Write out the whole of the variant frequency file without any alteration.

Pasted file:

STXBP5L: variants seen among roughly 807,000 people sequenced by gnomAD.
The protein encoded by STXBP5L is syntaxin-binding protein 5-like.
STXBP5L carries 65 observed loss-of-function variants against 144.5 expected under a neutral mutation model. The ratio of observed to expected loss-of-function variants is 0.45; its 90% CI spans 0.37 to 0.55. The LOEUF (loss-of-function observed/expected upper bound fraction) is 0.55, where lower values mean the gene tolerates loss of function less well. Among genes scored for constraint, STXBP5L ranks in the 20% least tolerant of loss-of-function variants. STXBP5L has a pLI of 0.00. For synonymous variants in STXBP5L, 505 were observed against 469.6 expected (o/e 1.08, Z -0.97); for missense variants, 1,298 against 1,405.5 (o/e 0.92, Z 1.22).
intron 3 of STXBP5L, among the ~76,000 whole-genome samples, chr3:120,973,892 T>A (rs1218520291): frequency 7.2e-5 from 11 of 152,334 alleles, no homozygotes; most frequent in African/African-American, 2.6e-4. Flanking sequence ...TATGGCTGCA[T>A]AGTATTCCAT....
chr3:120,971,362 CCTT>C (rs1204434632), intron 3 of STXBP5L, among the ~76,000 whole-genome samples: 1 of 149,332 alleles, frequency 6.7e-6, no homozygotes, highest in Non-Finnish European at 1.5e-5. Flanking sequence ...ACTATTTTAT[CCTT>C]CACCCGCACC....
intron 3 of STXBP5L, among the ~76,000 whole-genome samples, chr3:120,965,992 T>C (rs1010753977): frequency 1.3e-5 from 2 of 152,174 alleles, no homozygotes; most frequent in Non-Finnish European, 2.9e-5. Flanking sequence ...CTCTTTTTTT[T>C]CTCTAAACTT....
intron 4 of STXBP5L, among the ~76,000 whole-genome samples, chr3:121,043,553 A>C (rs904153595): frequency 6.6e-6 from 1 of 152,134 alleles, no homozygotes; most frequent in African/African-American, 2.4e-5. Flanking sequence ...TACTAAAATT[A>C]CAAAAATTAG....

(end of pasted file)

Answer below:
STXBP5L: variants seen among roughly 807,000 people sequenced by gnomAD.
The protein encoded by STXBP5L is syntaxin-binding protein 5-like.
STXBP5L carries 65 observed loss-of-function variants against 144.5 expected under a neutral mutation model. The ratio of observed to expected loss-of-function variants is 0.45; its 90% CI spans 0.37 to 0.55. The LOEUF (loss-of-function observed/expected upper bound fraction) is 0.55, where lower values mean the gene tolerates loss of function less well. Among genes scored for constraint, STXBP5L ranks in the 20% least tolerant of loss-of-function variants. STXBP5L has a pLI of 0.00. For synonymous variants in STXBP5L, 505 were observed against 469.6 expected (o/e 1.08, Z -0.97); for missense variants, 1,298 against 1,405.5 (o/e 0.92, Z 1.22).
intron 3 of STXBP5L, among the ~76,000 whole-genome samples, chr3:120,973,892 T>A (rs1218520291): frequency 7.2e-5 from 11 of 152,334 alleles, no homozygotes; most frequent in African/African-American, 2.6e-4. Flanking sequence ...TATGGCTGCA[T>A]AGTATTCCAT....
chr3:120,971,362 CCTT>C (rs1204434632), intron 3 of STXBP5L, among the ~76,000 whole-genome samples: 1 of 149,332 alleles, frequency 6.7e-6, no homozygotes, highest in Non-Finnish European at 1.5e-5. Flanking sequence ...ACTATTTTAT[CCTT>C]CACCCGCACC....
intron 3 of STXBP5L, among the ~76,000 whole-genome samples, chr3:120,965,992 T>C (rs1010753977): frequency 1.3e-5 from 2 of 152,174 alleles, no homozygotes; most frequent in Non-Finnish European, 2.9e-5. Flanking sequence ...CTCTTTTTTT[T>C]CTCTAAACTT....
intron 4 of STXBP5L, among the ~76,000 whole-genome samples, chr3:121,043,553 A>C (rs904153595): frequency 6.6e-6 from 1 of 152,134 alleles, no homozygotes; most frequent in African/African-American, 2.4e-5. Flanking sequence ...TACTAAAATT[A>C]CAAAAATTAG....